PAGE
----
further adventures in Jed York being unsuited for his position
In September 2011, Michigan should wear 1948 jerseys, including matching numbers corresponding to each position. Notre Dame should do the same, but their year should be 1949. Each won a MNC in their respective years (M's was a controversial vote with ND on top of that), and each jersey is somewhat different from today's model.
Michigan would wear long sleeved jerseys with different style numbers, and could even go back to the more yellow Maize for the numbers and pants:
Notre Dame could wear long sleeve green with gold pants, as shown in this 1950 magazine:
Michigan would require one tackle to change their historically corresponding number away from 11, but no other retired numbers were used on the 1948 roster. Notre Dame would not have to change any because they have never retired a number. Long sleeves would not be much of an issue IMO, the average A2 temperature in September is somewhere between 58-(Edit:) 72 degrees and it will be a night game.
This is the best idea I can think of to bridge the gap between the RAWK music, as JeepinBen put it, and the "Get off my lawn" crowd. To put it in terms DB would understand, I think a lot of people would buy the 1948 jersey due to color changed, long sleeves and the intangibles that get fans to buy throwbacks.
Let me start off by saying, I’m not that old. I’m 24 (it feels really old compared to 2 years ago when I was graduating). Some of you might read the title and think “Get Off My Lawn” but that’s not what I’m going for. The more and more I’ve thought about the Notre Dame game this year, the more upset I get. I’ve got tickets, I’m going, I’ll love it… but it won’t feel like Michigan Football. I don’t care at all if we have a Fullback, or play a 4-3, that’s not what I mean. What I mean is the Game-day Experience. Yes, this will be the first night game, yes everyone else has night games, and yes, Prime Time exposure, etc. etc. this really seems like a net positive. But part of me thinks that with the whole thing we’ve sold out. I’m a 3rd Generation Michigan Grad, and I love that when I went to games from 2005-2009, it started just like when my mom and dad when to games in the late 70s, and when my grandparents went in the late 40s/early 50s. The Marching Band formed their block M,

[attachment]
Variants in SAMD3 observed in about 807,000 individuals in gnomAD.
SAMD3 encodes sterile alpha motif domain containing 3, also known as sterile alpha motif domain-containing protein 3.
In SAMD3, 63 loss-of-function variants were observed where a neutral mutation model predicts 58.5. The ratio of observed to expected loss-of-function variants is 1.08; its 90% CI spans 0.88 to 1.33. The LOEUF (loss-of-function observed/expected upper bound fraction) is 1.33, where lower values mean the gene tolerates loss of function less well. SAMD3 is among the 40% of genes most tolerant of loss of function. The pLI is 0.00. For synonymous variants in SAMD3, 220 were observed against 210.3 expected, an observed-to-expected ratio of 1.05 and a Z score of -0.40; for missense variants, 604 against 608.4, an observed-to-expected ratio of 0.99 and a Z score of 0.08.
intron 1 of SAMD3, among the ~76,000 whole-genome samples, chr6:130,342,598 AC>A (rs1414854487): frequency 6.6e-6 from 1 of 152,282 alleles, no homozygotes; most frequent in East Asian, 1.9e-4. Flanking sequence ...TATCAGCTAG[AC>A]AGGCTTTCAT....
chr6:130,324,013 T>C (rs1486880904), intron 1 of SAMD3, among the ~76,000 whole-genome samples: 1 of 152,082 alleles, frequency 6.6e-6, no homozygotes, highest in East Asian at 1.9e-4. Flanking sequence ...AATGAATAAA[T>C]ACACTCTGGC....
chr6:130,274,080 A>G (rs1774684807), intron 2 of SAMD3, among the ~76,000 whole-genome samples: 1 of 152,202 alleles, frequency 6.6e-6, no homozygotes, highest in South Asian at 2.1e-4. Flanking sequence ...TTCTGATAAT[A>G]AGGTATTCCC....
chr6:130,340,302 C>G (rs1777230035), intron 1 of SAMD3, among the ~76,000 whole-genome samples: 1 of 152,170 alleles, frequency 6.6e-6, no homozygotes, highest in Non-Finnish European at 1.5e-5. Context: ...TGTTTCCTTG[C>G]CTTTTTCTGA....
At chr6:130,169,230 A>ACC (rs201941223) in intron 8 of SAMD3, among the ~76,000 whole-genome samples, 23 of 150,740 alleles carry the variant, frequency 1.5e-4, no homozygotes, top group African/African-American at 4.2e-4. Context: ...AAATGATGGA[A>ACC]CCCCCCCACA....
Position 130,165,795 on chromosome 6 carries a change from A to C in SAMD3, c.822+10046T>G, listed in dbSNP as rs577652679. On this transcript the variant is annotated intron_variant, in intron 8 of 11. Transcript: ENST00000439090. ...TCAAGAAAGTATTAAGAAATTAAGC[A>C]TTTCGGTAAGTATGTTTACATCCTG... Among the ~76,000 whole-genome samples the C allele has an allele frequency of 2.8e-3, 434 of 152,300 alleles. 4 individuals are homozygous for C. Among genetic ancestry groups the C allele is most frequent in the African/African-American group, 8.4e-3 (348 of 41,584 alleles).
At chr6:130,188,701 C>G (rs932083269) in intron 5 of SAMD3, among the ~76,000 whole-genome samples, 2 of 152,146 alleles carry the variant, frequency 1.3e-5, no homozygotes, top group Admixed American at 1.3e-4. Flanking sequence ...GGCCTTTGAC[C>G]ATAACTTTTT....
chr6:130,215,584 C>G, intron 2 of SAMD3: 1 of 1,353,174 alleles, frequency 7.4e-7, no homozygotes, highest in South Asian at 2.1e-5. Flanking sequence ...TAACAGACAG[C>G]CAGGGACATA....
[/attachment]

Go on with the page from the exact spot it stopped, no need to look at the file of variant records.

the Fanfare M, they played the Victors, the team came out the Tunnel, and they looked like this:
- is that Henne? Devin? Leach?
- is that Arthur Walker, Paul Seymour, Jon Jansen, Jake Long, or Lewan?
Their seats looked like this:
Now, I can’t help but feel that we’re all of a sudden every other team in college football. We’ve got skyboxes (granted, the construction ended up looking great, and I’ve taken the tour, and they’re amazing). We’ve got Lights. We’ve got Special K and we’ve got (allegedly) Maize alternate/throwbacky/cash-grab Jerseys.
So, all the things that I (we?) have claimed to hate throughout the past few seasons we now embody.
Michigan will Take the Field and it will be OMG MAIZE JERZEYS! I CAN BUY JERZEYS?
After Michigan takes the field “I Got a Feelin’“ I know what Special K will play (I feel like every time they went to commercial in this game the damn Black Eyed Peas song played, I know that the movie has AC/DC) - Dunno if embedding is working, but Iowa 2009, when Iowa took the field: (link: http://www.youtube.com/watch?v=TsHF31w8-sU&feature=related)
The Fatcats in their Skyboxes will see the numbers, the ratings, the jersey sales and think that this was successful. And what’s next? Our old scoreboards looked like this
Will our new ones look like this?
Again, I’m excited for the night game, I’m going, I’ll love it, and I hope Denard gets 503 yards and we beat ND 77-0 (with at least 1 Mike Martin Pick 6). But part of me really likes that we’re (we were?) different. I hope to really enjoy the Night Game, but come November, on a Gray Saturday afternoon I’ll bundle up, trudge through snow and slush to my seat which looks like this
to see Michigan play in The Game, hoping the sun peeks through the clouds, and our team will look like this:
And the band will play the Victors and it’ll just feel… right
I have no idea when the rankings come out, but with our current class at 14 recruits, I have to believe we are in the top 15 for sure. What do you guys think?